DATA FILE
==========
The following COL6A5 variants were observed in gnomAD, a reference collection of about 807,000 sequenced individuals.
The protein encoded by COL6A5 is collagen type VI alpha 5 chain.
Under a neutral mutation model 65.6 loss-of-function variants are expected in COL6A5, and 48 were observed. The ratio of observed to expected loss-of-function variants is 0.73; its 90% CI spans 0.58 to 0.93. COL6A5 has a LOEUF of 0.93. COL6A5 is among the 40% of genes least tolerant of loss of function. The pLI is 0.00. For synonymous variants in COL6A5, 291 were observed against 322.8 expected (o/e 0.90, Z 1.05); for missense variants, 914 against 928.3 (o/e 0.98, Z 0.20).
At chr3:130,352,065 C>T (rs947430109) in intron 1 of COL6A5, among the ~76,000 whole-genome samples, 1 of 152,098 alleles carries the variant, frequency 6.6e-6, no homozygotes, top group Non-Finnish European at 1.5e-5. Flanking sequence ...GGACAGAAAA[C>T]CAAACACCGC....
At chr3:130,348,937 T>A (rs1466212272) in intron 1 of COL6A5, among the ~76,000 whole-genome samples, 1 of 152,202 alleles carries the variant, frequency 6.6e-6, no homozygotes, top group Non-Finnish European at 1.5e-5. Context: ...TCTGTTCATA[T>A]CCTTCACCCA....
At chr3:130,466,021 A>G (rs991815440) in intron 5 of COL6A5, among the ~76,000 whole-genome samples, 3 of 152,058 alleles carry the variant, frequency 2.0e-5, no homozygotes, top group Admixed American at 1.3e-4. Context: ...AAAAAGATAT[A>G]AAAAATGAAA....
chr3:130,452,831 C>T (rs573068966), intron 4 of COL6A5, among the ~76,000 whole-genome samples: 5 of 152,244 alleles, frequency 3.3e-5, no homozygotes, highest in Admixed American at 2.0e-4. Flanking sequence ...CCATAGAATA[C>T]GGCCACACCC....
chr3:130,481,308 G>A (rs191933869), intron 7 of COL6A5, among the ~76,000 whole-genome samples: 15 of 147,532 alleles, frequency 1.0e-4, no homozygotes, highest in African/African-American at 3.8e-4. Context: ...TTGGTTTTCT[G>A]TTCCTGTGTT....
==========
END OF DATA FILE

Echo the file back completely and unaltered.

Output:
The following COL6A5 variants were observed in gnomAD, a reference collection of about 807,000 sequenced individuals.
The protein encoded by COL6A5 is collagen type VI alpha 5 chain.
Under a neutral mutation model 65.6 loss-of-function variants are expected in COL6A5, and 48 were observed. The ratio of observed to expected loss-of-function variants is 0.73; its 90% CI spans 0.58 to 0.93. COL6A5 has a LOEUF of 0.93. COL6A5 is among the 40% of genes least tolerant of loss of function. The pLI is 0.00. For synonymous variants in COL6A5, 291 were observed against 322.8 expected (o/e 0.90, Z 1.05); for missense variants, 914 against 928.3 (o/e 0.98, Z 0.20).
At chr3:130,352,065 C>T (rs947430109) in intron 1 of COL6A5, among the ~76,000 whole-genome samples, 1 of 152,098 alleles carries the variant, frequency 6.6e-6, no homozygotes, top group Non-Finnish European at 1.5e-5. Flanking sequence ...GGACAGAAAA[C>T]CAAACACCGC....
At chr3:130,348,937 T>A (rs1466212272) in intron 1 of COL6A5, among the ~76,000 whole-genome samples, 1 of 152,202 alleles carries the variant, frequency 6.6e-6, no homozygotes, top group Non-Finnish European at 1.5e-5. Context: ...TCTGTTCATA[T>A]CCTTCACCCA....
At chr3:130,466,021 A>G (rs991815440) in intron 5 of COL6A5, among the ~76,000 whole-genome samples, 3 of 152,058 alleles carry the variant, frequency 2.0e-5, no homozygotes, top group Admixed American at 1.3e-4. Context: ...AAAAAGATAT[A>G]AAAAATGAAA....
chr3:130,452,831 C>T (rs573068966), intron 4 of COL6A5, among the ~76,000 whole-genome samples: 5 of 152,244 alleles, frequency 3.3e-5, no homozygotes, highest in Admixed American at 2.0e-4. Flanking sequence ...CCATAGAATA[C>T]GGCCACACCC....
chr3:130,481,308 G>A (rs191933869), intron 7 of COL6A5, among the ~76,000 whole-genome samples: 15 of 147,532 alleles, frequency 1.0e-4, no homozygotes, highest in African/African-American at 3.8e-4. Context: ...TTGGTTTTCT[G>A]TTCCTGTGTT....